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Hong-jin Sun, Tao Li; Differential Detection of Visual Targets Presented in Near and Far Space and its Dependence on the Chromatic Properties of the Targets. Journal of Vision 2012;12(9):911. doi: 10.1167/12.9.911.
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Converging evidence from animal neurophysiology and human clinical studies has suggested that visual information arising from near (peripersonal, within arm’s reach) versus far (extrapersonal, beyond arm’s reach) space may be mediated predominantly by different visual subsystems in the human brain. In our recent study (Li et al, Neuropsychologia, 2011), we tested healthy human observers using either simple detection/localization or identification tasks, in a range of single- and dual-task situations. Healthy human observers showed a behavioural difference in detecting briefly displayed and retinally equivalent visual stimuli in near versus far space. However, identification accuracy under similar conditions showed no such dissociation of near versus far processing. Such differences in sensitivity for detecting visual target presented in near versus far space suggest that distinct neural processes or mechanisms might contribute differentially for near versus far visual information. Because the magnocellular pathway is only sensitive to luminance contrast while the parvocellular pathway is sensitive to both chromatic and luminance contrast, in the present study, we examined the detection performance further by manipulating the luminance and chromatic properties of the target. Healthy human observers were asked to detect a spot briefly presented in a random location at the peripheral visual field in near (0.39m) and far (1.33m) viewing conditions, with matched luminance and visual angle for the visual display in the two conditions. Similar to our previous findings, we found that the visual accuracy was higher in near viewing than far viewing when detecting an achromatic target in either high or low contrast. However, the near/far difference was reversed when the visual target was an isoluminant green spot. These data suggest that retinal information from near versus far space may be preferentially processed by substantially different neural substrates, with active modulation of the relative contributions of involved magnocellular-dorsal and parvocellular-ventral visual pathways.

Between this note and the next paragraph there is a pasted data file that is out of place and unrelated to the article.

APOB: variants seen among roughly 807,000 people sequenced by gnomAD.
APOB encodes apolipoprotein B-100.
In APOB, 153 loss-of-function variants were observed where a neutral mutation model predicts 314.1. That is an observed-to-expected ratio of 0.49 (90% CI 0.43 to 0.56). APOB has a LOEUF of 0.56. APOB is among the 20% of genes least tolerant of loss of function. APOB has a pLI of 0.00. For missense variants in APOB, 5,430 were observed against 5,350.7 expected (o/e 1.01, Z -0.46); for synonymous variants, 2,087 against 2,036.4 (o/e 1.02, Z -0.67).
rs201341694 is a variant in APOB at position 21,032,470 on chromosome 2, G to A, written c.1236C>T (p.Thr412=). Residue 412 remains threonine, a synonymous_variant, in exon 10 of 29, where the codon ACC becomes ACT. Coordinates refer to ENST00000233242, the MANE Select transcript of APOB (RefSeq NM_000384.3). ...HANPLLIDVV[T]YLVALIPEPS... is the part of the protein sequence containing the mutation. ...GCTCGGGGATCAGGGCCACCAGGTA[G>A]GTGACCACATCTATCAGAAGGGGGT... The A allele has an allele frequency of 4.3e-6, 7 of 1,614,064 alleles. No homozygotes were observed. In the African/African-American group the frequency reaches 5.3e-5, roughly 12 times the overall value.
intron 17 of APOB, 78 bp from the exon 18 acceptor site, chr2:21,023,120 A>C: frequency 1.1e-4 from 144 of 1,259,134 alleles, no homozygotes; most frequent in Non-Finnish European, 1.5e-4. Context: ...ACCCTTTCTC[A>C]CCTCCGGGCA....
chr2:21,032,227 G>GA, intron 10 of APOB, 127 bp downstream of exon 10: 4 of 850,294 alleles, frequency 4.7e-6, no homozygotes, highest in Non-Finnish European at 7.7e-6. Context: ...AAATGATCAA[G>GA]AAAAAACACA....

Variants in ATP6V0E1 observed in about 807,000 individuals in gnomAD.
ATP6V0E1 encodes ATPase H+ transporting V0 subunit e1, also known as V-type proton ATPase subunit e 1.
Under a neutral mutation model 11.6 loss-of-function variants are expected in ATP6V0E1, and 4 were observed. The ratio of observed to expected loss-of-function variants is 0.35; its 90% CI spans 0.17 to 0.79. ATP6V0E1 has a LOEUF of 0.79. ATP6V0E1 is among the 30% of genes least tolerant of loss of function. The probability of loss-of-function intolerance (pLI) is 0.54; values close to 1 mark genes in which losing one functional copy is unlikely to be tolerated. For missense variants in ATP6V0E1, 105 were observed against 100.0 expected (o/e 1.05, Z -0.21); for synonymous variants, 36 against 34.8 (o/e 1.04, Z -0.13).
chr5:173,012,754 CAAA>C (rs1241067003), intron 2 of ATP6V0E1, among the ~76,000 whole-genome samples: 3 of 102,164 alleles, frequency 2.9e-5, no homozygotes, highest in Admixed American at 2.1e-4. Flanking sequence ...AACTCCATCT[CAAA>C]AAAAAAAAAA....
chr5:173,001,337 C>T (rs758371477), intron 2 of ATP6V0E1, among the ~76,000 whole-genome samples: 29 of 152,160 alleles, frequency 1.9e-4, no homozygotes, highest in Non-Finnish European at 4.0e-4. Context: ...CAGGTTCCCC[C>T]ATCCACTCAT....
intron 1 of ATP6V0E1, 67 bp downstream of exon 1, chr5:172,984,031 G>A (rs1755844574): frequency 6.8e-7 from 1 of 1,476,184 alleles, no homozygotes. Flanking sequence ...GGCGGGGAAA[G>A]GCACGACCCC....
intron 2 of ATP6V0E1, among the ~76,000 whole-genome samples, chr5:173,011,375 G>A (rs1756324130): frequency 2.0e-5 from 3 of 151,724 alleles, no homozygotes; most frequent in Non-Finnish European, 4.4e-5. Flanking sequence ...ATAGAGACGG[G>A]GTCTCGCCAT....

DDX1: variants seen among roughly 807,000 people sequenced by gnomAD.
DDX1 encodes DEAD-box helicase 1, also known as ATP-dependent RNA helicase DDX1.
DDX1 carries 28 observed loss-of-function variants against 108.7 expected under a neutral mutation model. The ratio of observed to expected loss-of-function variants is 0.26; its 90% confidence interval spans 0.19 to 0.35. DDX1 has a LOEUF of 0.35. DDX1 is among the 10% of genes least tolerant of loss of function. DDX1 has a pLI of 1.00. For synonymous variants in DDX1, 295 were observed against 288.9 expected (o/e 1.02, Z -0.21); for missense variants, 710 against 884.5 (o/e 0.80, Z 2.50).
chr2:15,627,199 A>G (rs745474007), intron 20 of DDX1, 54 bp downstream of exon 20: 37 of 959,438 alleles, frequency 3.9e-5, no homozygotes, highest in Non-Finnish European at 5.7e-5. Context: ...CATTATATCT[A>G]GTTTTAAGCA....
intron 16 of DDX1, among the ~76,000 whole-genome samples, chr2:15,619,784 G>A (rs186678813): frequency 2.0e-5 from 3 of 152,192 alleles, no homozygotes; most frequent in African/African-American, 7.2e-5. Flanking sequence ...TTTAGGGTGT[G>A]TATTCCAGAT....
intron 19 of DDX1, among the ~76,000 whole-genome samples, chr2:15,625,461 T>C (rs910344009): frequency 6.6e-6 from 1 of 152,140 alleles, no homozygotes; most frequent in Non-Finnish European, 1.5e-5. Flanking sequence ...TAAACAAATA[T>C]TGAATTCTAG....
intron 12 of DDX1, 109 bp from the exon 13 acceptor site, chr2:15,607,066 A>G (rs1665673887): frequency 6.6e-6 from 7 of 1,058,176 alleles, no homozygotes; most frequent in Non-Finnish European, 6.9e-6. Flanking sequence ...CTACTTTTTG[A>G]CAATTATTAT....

Meeting abstract presented at VSS 2012
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